Among the authors are Andrew Jolivétte, chair of the ethnic studies department at UC San Diego, who spoke out strongly against revisions to the state ESMC at a 2021 webinar organized by the Save Arab American Studies coalition, and Christine Hong, an associate professor of ethnic studies at UC Santa Cruz who joined an August 2020 webinar organized by the pro-BDS Arab Resource and Organizing Center called “Arab American Studies, Palestine and the Fight for Ethnic Studies.”

Critics see efforts to remove references to the boycott, divestment and sanctions movement against Israel or to add lessons on groups considered white, such as Jews and Armenians, as conceding to conservative forces. The State of California caved to “pro-Israel lobbyists,” an activist said; the Liberated ethnic studies group described the revisions as replacing ethnic studies with an “all lives matter” movement.

The regulation returns to some of the jargon common in the first draft of the ESMC. It says, for example, that to meet the requirement, the course shall “place high value on Indigenous knowledges” and shall “center an understanding of indigeneity, routes, and roots.”

It describes ethnic studies as a discipline based on the “transformation of society and the world,” stating that courses must “challenge traditional Western educational approaches.” Ethnic studies shall critique “dominant narratives of power,” it says, including “claims to neutrality, objectivity … and meritocracy” in order to “examine their harm to Indigenous and other communities of color.”

Like in the first draft of the ESMC, the regulation lists forms of bigotry to be studied, including anti-Blackness, anti-Indigeneity, xenophobia, patriarchy, ableism and anthropocentrism (human-centered), but not antisemitism.

If passed, the new rule would “have a dangerously divisive and harmful impact on many California students,” the Amcha petition contends, but is “particularly threatening to Jewish students.”

“At a time when anti-Jewish sentiment, hostility and violence has reached truly alarming levels, a required ethnic studies class encouraging students to view Jews as ‘white’ and ‘racially privileged’ is tantamount to putting an even larger target on the back of every Jewish student,” it says.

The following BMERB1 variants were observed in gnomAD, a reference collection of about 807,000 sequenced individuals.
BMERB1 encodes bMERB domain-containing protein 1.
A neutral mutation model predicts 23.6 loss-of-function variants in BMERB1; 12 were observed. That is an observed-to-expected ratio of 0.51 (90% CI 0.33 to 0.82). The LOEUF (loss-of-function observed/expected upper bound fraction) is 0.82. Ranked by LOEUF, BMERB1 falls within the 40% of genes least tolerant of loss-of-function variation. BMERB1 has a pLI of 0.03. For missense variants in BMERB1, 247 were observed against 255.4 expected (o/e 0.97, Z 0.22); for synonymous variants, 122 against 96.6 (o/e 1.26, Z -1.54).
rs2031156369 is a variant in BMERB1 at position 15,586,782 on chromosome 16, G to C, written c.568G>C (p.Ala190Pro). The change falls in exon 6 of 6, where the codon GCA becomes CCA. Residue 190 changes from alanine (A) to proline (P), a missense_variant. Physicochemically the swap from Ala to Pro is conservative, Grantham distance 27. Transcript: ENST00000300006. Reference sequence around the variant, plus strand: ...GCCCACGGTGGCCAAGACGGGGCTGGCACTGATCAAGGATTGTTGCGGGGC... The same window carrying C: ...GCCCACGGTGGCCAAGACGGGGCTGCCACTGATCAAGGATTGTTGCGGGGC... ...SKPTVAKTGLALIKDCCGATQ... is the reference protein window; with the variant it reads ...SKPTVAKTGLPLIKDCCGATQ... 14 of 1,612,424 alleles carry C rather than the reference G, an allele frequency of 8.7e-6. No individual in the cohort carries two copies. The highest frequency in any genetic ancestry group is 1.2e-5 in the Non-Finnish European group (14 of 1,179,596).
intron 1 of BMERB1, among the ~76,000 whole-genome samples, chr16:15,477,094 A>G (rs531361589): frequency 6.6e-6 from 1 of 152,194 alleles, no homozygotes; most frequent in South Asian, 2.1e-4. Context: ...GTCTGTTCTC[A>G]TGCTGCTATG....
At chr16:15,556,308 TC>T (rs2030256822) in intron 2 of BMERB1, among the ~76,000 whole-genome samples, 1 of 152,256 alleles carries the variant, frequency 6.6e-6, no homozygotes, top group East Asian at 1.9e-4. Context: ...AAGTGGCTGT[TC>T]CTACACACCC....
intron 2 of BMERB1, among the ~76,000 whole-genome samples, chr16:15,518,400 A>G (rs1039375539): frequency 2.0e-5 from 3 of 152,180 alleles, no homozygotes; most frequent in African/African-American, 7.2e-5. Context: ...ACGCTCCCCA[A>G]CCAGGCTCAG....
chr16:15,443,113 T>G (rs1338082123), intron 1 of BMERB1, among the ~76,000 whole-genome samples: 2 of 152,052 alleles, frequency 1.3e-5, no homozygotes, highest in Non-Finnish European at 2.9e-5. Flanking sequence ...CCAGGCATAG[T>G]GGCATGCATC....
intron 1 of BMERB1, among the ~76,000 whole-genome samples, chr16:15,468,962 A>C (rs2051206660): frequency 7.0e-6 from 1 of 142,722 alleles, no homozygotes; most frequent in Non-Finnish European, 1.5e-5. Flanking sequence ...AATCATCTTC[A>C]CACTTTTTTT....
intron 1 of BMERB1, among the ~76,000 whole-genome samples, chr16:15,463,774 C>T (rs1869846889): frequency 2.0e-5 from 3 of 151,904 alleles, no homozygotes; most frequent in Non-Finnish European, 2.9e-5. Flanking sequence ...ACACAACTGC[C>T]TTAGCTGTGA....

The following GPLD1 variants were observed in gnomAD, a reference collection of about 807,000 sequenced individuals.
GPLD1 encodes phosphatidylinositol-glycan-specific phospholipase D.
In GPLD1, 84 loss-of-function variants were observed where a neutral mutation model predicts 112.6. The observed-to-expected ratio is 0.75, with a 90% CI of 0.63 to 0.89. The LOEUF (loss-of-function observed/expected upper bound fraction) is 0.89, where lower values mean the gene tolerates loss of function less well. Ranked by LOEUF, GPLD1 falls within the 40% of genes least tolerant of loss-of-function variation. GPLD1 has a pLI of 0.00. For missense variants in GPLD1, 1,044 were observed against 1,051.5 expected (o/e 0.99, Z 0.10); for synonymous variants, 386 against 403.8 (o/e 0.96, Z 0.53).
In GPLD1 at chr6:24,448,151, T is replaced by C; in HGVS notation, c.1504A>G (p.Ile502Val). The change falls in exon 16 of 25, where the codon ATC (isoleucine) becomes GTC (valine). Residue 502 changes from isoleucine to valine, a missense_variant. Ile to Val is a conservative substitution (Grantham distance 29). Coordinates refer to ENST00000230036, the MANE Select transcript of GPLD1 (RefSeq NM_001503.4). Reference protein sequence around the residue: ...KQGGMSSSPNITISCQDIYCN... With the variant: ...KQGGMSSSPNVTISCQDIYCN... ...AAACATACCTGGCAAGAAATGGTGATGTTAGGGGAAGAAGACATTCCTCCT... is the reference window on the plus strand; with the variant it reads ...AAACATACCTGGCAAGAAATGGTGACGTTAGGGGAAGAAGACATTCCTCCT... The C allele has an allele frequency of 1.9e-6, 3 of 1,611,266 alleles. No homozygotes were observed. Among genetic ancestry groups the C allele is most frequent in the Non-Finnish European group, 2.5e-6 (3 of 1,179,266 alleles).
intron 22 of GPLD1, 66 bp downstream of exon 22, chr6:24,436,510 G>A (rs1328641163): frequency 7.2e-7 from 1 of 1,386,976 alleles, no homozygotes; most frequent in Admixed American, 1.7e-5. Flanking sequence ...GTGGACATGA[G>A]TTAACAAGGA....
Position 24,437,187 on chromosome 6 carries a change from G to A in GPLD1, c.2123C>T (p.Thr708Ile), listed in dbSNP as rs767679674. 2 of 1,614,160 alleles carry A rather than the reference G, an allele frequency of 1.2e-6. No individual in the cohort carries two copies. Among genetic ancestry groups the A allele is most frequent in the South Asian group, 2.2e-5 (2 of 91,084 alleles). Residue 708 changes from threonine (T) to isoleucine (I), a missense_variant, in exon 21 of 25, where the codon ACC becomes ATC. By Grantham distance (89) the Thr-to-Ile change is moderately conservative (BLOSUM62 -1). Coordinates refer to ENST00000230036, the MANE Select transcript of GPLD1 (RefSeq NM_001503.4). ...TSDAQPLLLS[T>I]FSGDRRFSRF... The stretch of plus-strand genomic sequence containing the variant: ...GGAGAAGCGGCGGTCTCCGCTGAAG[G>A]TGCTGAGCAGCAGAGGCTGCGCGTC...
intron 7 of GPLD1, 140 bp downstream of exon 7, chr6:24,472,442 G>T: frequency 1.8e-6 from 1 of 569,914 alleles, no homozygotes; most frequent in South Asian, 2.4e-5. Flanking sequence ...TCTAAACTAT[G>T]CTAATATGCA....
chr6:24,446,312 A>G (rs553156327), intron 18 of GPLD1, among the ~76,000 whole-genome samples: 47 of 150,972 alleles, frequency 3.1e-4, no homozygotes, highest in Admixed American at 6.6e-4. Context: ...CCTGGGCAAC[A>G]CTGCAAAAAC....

The regulation is currently winding its way through the UC administrative system. On March 30 the academic council sent the regulation back for revisions to a committee called BOARS, the Board of Admissions and Relations with Schools.

Academic senate chair Horwitz told J. in an email that members raised a number of questions about the new rule for BOARS to consider. He said “technical questions/concerns” were brought up, for instance, about how the ethnic studies course requirement would apply to applicants from private schools.

“Some campus senates commented that the course criteria were more narrowly defined than the guidelines approved by the CA State Board of Education in its Ethnic Studies Model Curriculum,” he added.

Whether BOARS would be considering concerns raised by Amcha, Horwitz did not say, while adding that, “prior to the Council meeting, Senate leadership received many external emails and petitions. We noted them.”

Once BOARS revises the regulation, it will come back to the academic council for a second discussion, Horwitz said. If approved, the regulation will be sent to the full academic senate. The process may last into the fall, and would give high schools until 2030 to implement appropriate courses.

Under California’s new ethnic studies law, fall 2025 is the deadline to implement a suitable ethnic studies course for state high schools.

Gabe Stutman
Gabe Stutman

Gabe Stutman is the news editor of J. Follow him on Twitter @jnewsgabe.